entrusted, part 1 of 4: money
You may or may not know this about John Wesley, the founder of Methodism: John Wesley grew up dirt poor. His own father was an Anglican priest, but in one of the poorest parishes, and therefore, it wasn’t unusual for the Wesleys to go without. As an adult, John Wesley, although following in his father’s footsteps and becoming an Anglican priest, did not suffer the same poverty as his childhood family; See, John was an academic. A scholar. And early on, he taught at Oxford, which paid well compared to his earnings in the pulpit on Sunday mornings. In fact, you could say the pendulum swung the other way with young John Wesley. As a young man, he liked to buy fine things and spend money and even play cards! His Oxford salary was about 30 pounds in the 1700s. Converted to today’s inflation standard, that would be about $6,000. He was a single man, and he was doing all right. But, the story goes, he was hanging new paintings that he procured for his home, when a chambermaid came to tend to him. It was a cold winter’s day, and he noticed that her clothing was completely inadequate — she was freezing. He immediately felt guilty, and wanted to buy her a coat; however, he realized he had spent all his money on the paintings. He said to himself, “Will thy Master say ‘Well done, good and faithful servant?’” He knew the answer, and from then on, he drastically changed his ways. With his earnings that year at 30 pounds, he figured it cost him 28 pounds to live, so he gave away 2 pounds. The next year, his salary was doubled to 60 pounds, and he gave away 32 pounds. The third year, his salary was 90 pounds; Wesley gave away 62 pounds… He figured that no matter how much he earned, it still cost him only 28 pounds to live, and throughout his entire life, that’s exactly what he did, no matter how much he earned. When he died, he might have been considered a rich man — earning about 1400 pounds a year — today, that would be about $275,000. But all his savings and pocket money when he died amounted only to merely coins. He gave everything away while he lived and kept only what he needed. All you can… When Wesley preached about money, he said this: “Make all you can.” “Save all you can.” “Give all you can.” In a sense, these words are similar to the parable that Jesus is telling his disciples, which we read today in Matthew 25. So as we delve into this four-part sermon series called “Entrusted,” we’re going to use scriptural examples such as these to put a fine point on what it means to be caretakers of the gifts that God gave us. The takeaways are simply these: All good things come from God; We are given the task to take care of those things and not hoard them or bury them or abuse them; and We’re called to share those good things that we’ve received. And so throughout this four-part series, we’ll look at how we are called to be caretakers — that is, good stewards — of those things. And we’ll focus on Money, the Planet (ecology), People (relationships) and Power (influence and privilege) . These are four of the most prominent and pertinent aspects facing our world and our lives today, and they encompass as wide spectrums as we can imagine. So we begin with money. And why not? After all, it was important in Jesus’s day, but today, our entire world operates on the concept of an imaginary economy that puts values on all sorts of arbitrary things as well as useful things, Yet regardless, it dominates our daily lives. And today’s reading — this parable of the talents — remains incredibly relevant to each of us here today. Talents So let’s unpack it: The synopsis is simply this in four parts: * A master is going away for a long time. * He leaves his servants a good amount of money to continue the business while he’s away. * When he returns, he asks for an accounting of what they did with the money. Simple, right? So now the characters and events: We have a master and three servants. The master is Jesus in the allegory, and the servants are the disciples. The property or money he gives them is the mission of God’s empire. That’s what they’re supposed to invest. And the long time that the master went away represents Jesus’s delayed return; also known as The Second Coming. Each of the servants gets a certain number of talents. In Jesus’s day, a talent was based on gold or silver, and silver was about $38 a gram. But a talent is kilogram, so multiple that $38 by 1,000. It was a lot of money. The first servant doubled the amount, as did the second servant. But the third servant buried it in the ground and didn’t use it at all. When the master came back, he was pleased that the first two servants did something with the talents; but he was furious with the servant who hid it away and didn’t do anything with it. The lesson, of course, is that God gives us each talents. Gifts. Certain things that are good that we possess. And it’s the property of the mission of God’s empire. It’s entrusted to us, but it’s not ours. We’re simply called to be caretakers of it and to make it grow — to invest it — and do good things with it. Not squander it away, but not just hide it or destroy it either. When we look back at young John Wesley, we can see that he was squandering his talents. He was spending everything as fast as he could earn it, and wasn’t sharing anything. In essence, he was like the third servant who did nothing to help others expand into God’s kingdom. Not until God got a hold of him and spoke into his heart. From then on, John Wesley’s lifestyle became a lesson for the rest of us. He didn’t simply need to preach the words; he lived them. And he showed the rest of us what it means to invest the good gifts given by God for the purpose of the mission of God’s empire. A bad thing? Recently, I had asked those who participated in one of our Wednesday evening Gathering services whether they thought being wealthy was a bad thing. And the universal answer was no, it’s not. As long as we’re responsible and helping others. Most agreed with this statement. But is that what Wesley was saying when he said: “Earn all you can? Save all you can? Give all you can?” Or let’s put it this way: Despite that Wesley’s earnings near his death were in the hundreds of thousands of dollars in today’s economy, was he wealthy? Because he lived on about just 28 pounds a year — less than $6,000 a year. He died with pennies in his pockets and no investment portfolios or nest eggs. Was he rich? Be careful We need to be careful here. Because if we look at the Parable of the Talents, we see Jesus rewarding those who shrewdly played the market. Or so it seems. It’s by no mistake that the word talent has a double meaning here. See, I might have a talent for writing (maybe you don’t agree), but that helped me to a very good career as a journalist and author of a couple of decades. And now it helps me as I prepare sermons. But what if I never used those talents? If it’s good, and we agree those talents are from God, then using them — not only on ourselves, but for others — that’s what God wants. We can double and triple and quadruple our talents! God calls us to. Jesus tells us to. Wesley illustrates it for us! Or we can hide them away. Keep them all to ourselves. Or keep them from others so that we have more of them for ourselves and less for them. Because we don’t want anyone else to have more than us… Well, what does that get us? Even more, what does it get the world? As we said earlier, the investment the servants were charged with was to use their talents to expand the mission of God’s empire. We could argue that even young John Wesley was doing a bit of that as he followed in the footsteps of his dad to preach the Gospel as a priest. But that’s not everything, is it? That’s just a portion of the talents he received from God. He was smart. And driven. And being able to teach at Oxford was quite lucrative for him. So what if he never did anything with that investment? Jesus tells us: It infuriates God.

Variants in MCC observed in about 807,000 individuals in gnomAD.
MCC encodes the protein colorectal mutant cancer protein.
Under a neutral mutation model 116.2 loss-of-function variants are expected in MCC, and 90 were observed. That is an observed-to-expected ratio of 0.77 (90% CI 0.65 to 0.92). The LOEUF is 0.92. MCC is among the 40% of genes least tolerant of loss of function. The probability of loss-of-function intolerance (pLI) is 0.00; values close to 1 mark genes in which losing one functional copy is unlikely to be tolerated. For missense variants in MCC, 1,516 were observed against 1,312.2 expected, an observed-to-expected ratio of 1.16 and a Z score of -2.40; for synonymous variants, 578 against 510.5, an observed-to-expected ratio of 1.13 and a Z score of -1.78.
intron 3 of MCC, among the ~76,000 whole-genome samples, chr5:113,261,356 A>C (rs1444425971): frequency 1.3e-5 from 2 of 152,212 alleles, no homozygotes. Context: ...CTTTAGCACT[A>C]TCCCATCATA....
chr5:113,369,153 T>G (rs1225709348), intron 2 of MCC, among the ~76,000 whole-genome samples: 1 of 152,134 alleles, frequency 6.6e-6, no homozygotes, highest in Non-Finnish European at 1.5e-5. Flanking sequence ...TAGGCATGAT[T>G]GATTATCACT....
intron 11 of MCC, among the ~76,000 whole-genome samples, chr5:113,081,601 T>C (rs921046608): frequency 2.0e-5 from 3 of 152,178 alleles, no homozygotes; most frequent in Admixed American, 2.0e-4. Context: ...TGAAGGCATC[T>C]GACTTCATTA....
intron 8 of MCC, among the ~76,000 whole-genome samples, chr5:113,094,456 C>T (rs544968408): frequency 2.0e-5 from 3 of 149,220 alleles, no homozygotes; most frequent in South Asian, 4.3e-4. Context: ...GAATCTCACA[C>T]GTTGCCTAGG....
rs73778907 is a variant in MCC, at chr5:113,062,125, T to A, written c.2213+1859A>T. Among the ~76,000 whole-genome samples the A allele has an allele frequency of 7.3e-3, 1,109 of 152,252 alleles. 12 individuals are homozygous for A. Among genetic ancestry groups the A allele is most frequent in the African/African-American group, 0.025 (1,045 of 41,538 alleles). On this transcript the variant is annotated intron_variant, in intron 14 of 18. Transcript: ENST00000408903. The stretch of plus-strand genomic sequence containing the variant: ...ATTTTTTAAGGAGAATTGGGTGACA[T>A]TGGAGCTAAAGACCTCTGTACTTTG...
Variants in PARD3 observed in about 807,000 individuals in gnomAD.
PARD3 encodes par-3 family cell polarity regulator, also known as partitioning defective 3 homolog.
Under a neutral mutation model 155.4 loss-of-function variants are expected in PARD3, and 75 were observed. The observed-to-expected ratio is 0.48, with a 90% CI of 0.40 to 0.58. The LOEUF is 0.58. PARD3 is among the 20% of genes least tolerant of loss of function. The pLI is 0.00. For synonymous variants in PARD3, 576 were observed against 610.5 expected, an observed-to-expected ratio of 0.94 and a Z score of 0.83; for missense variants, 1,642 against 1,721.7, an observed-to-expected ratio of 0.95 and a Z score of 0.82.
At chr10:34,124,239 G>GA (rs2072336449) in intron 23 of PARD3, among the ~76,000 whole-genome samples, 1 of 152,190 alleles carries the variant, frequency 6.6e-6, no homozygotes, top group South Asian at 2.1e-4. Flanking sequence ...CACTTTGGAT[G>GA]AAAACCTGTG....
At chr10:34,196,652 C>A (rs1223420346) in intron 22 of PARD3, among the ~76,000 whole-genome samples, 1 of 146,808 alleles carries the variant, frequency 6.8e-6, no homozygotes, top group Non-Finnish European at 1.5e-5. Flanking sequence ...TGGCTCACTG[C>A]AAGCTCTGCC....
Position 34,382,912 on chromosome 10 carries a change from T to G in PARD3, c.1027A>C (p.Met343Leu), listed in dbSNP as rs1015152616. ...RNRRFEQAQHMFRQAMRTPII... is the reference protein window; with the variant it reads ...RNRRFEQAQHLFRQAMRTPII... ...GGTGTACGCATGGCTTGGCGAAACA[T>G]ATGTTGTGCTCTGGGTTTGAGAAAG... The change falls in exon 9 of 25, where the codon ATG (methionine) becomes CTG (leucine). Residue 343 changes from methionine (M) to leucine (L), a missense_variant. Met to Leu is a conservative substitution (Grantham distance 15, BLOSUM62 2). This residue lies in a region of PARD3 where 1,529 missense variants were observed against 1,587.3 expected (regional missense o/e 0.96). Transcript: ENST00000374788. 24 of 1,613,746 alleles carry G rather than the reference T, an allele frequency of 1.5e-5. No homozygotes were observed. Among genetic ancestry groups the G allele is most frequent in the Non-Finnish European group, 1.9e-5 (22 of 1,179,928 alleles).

Taking inventory What if we were to take inventory of the talents that God has given us? What are those good things? Can you name them? Are you good with money and ledgers and spreadsheets? Can you cook or bake or make visits? Do you have a strong back, do you have a large truck? Do you have the luxury of time in retirement? Do you have wisdom, love or are gregarious — are you a people person? Can you teach? Whatever it is, we’re called to invest those things — in others, for God. The more we invest those things, the better the return. The better the return, the more people are living into the mission of God’s empire. That’s how we expand into the kingdom now. That’s how we change the world! The fact that Wesley died with just pennies in his pocket means what? We don’t ever stop investing those talents. We don’t ever sit back and say, “Well, I’ve done my time here…” It wasn’t enough for Wesley. And if we agree that God never stops giving us gifts of good things — and we should all agree on that — then we are never done showering those good things upon others. Tithing? Now, I bet maybe you thought I was going to preach about tithing today when you heard the words stewardship and money in the same breath… I don’t need to. Because I don’t need to go back to the Old Testament ways to see that we’re to give back what God first gave us. We simply look to Jesus who flat-out told us to love like he first loves us. Love is a good thing, isn’t it? Jesus’s love is very a good thing, yes? Well, make no bones about it, my friends: Jesus is still loving us today, and is still calling us to love others. But that love that he gives us doesn’t do a whole lot if we never share it. No different from the talents he gave the disciples and told to go out and share. Whether it’s money or love or talent or gifts we are blessed with, then we must invest it. Give it. Multiply it. Give thanks to God for it. And look forward to the day that we will draw our last breaths knowing we did so not clinging desperately to or hoarding selfishly any of it. But that we shared every last penny of it, as God called us to. We invested it in the kingdom mission. So that we will hear those words as Jesus comes running to catch us in a loving and eternal embrace: Well done, my good and faithful servant!